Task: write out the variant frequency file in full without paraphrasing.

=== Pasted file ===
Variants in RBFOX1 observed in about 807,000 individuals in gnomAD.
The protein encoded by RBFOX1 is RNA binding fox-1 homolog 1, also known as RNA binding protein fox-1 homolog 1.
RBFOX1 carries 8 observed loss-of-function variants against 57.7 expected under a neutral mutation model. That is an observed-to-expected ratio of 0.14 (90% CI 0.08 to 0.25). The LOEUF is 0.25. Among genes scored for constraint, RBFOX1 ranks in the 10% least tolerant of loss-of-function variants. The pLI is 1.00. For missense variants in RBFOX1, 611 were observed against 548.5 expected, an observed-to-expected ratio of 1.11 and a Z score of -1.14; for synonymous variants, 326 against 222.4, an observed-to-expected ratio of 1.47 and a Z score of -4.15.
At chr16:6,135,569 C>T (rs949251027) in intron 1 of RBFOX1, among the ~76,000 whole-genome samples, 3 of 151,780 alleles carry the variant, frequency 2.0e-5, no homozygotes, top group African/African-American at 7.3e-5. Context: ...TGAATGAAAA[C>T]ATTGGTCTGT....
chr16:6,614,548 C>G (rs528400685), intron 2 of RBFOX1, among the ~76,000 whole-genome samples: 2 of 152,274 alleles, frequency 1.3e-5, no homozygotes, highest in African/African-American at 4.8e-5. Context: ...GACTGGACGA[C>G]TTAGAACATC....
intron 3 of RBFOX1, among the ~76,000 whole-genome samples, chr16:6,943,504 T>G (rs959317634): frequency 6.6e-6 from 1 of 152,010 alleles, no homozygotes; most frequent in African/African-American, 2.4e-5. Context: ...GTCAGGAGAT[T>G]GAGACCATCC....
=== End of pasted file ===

Variants in RBFOX1 observed in about 807,000 individuals in gnomAD.
The protein encoded by RBFOX1 is RNA binding fox-1 homolog 1, also known as RNA binding protein fox-1 homolog 1.
RBFOX1 carries 8 observed loss-of-function variants against 57.7 expected under a neutral mutation model. That is an observed-to-expected ratio of 0.14 (90% CI 0.08 to 0.25). The LOEUF is 0.25. Among genes scored for constraint, RBFOX1 ranks in the 10% least tolerant of loss-of-function variants. The pLI is 1.00. For missense variants in RBFOX1, 611 were observed against 548.5 expected, an observed-to-expected ratio of 1.11 and a Z score of -1.14; for synonymous variants, 326 against 222.4, an observed-to-expected ratio of 1.47 and a Z score of -4.15.
At chr16:6,135,569 C>T (rs949251027) in intron 1 of RBFOX1, among the ~76,000 whole-genome samples, 3 of 151,780 alleles carry the variant, frequency 2.0e-5, no homozygotes, top group African/African-American at 7.3e-5. Context: ...TGAATGAAAA[C>T]ATTGGTCTGT....
chr16:6,614,548 C>G (rs528400685), intron 2 of RBFOX1, among the ~76,000 whole-genome samples: 2 of 152,274 alleles, frequency 1.3e-5, no homozygotes, highest in African/African-American at 4.8e-5. Context: ...GACTGGACGA[C>G]TTAGAACATC....
intron 3 of RBFOX1, among the ~76,000 whole-genome samples, chr16:6,943,504 T>G (rs959317634): frequency 6.6e-6 from 1 of 152,010 alleles, no homozygotes; most frequent in African/African-American, 2.4e-5. Context: ...GTCAGGAGAT[T>G]GAGACCATCC....